Josep Maria Bartomeu announced his resignation as president of FC Barcelona on Tuesday. With Bartomeu expected to face a vote of no confidence next month, his premature departure was not a huge surprise. What was a surprise, was his revelation that the Catalan club had agreed, in principle, to join a yet-to-be-created European Super League to ease its financial woes.
Bartomeu’s comment will have sent shivers down the spines of the executives who run Europe’s big five leagues. But the fact remains, despite the whispers and background briefings, the competition Barca has agreed to join doesn’t yet exist. Before chasing the riches of a competition that has long been discussed without (so far) materializing, Barca must rebuild if it wants to be one of the continent’s most-feared teams again.
A clearly-defined style of play
The FC Barcelona under Pep Guardiola was defined by the short-passing, possession-based tiki-taka style. It was not always the most thrilling to watch but, with a sudden increase in pace and incisive pattern of passing, it was often deadly. Since Guardiola’s departure, and as players have come and gone at the Nou Camp, the team has had to adapt its style.
While possession is still the name of the game, a Barca team today is willing to go more direct, with a longer pass, or, at times, launch a counter-attack. This sort of evolution is sensible and essential – the most-successful brand of soccer changes relatively frequently in the game’s history. A key challenge for coach Ronald Koeman, then, is shaping a clear style of play that is effective and attractive. And, more importantly, finding a style that his current crop of players can thrive in.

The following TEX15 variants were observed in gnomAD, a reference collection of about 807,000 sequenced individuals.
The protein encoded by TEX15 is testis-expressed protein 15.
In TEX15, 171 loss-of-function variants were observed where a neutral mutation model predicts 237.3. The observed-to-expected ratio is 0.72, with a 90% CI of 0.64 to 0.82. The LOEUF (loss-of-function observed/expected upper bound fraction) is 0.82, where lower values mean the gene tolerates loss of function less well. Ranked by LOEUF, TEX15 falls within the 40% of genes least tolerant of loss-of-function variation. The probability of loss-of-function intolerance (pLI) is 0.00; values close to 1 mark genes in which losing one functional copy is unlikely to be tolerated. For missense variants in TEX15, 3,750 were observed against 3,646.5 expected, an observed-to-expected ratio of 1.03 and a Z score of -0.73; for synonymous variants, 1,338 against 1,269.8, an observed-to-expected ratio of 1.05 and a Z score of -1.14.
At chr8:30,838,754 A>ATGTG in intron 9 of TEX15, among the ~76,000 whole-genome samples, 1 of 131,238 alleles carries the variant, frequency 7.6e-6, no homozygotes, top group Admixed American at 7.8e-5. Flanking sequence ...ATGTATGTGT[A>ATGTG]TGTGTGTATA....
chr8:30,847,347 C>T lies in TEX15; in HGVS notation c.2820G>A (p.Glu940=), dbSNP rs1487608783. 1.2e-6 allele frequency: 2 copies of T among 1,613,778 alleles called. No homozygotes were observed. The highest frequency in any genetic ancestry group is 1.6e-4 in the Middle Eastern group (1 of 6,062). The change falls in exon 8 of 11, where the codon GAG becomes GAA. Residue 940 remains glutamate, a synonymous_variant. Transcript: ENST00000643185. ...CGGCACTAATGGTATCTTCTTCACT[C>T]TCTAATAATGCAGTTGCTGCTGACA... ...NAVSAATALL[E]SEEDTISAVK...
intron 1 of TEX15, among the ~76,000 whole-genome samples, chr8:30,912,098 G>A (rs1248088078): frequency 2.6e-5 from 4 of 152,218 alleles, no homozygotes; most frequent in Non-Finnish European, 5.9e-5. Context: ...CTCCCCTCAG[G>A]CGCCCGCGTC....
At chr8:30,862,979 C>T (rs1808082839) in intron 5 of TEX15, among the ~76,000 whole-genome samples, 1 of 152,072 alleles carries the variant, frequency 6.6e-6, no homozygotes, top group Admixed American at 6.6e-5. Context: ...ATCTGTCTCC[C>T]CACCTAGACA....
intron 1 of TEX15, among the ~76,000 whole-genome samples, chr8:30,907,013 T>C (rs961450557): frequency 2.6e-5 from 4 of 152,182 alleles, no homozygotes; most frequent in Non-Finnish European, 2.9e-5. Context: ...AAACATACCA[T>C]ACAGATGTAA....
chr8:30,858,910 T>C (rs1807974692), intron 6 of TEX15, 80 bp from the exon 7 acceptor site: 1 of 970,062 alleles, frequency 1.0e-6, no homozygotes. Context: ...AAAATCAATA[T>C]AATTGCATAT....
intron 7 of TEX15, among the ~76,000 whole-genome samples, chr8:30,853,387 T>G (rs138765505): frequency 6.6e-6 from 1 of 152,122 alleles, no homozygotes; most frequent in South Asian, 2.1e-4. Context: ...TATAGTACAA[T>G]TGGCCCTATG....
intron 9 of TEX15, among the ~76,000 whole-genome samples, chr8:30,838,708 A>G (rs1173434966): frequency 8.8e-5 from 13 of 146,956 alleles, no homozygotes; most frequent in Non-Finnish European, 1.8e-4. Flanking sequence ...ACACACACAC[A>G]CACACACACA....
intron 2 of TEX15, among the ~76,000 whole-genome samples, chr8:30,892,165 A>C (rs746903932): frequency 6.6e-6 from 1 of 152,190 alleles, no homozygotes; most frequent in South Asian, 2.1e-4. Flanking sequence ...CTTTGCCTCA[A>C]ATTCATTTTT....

The influence of Messi
Bartomeu’s resignation means Lionel Messi is far more likely to stay at Barcelona next season. Had Messi, the player most consider the greatest ever, left the club where he has played his whole career, it would have been a disaster for Barca. Even at 33, the Argentine is a crucial player and the message his departure would have sent would have been one of a club in chaos.
Now, the club, and especially the new president once elected, must make Messi feel a part of the project again. On the pitch, he is good enough to essentially do his own thing. Koeman would still be wise to consult his captain on the style he sees as the best fit for Barca. There is a reason Messi has power and influence at Barca and Bartomeu leaving is the chance to mend bridges between the club and its biggest star.
Building a squad for now and an academy for the future
Barcelona needs to freshen up its squad if it is going to compete for the Champions League. As well as Messi, the spine of the team includes Sergio Busquets, 32, and Gerard Piqué, 33. Both have been fantastic servants, but neither can play at the top level forever. There are some young players for whom there are high hopes, not least Ansu Fati. Frenkie de Jong and Sergiño Dest are others who could be stars. Overall though, the squad looks like it needs some reinforcements. Like a style of play, Barca need a clearly-defined strategy for signings who can play in their system. It should be a long-term strategy, not one that changes with a new coach or new president.
It may also be time to look at their rightly-famed academy. La Masia has produced some excellent players but is it still moulding enough players who are good enough to make the difference in the Barca first team? A bigger question is: is it still creating the sorts of players Barca need? If the long-term strategy is to move away from tiki-taka, perhaps the education a player receives needs to be re-thought and re-focused on whatever the new style will be. With money looking very tight at the Nou Camp, players from its academy could be more important than ever, so its essential they have the skills and profile the first team need.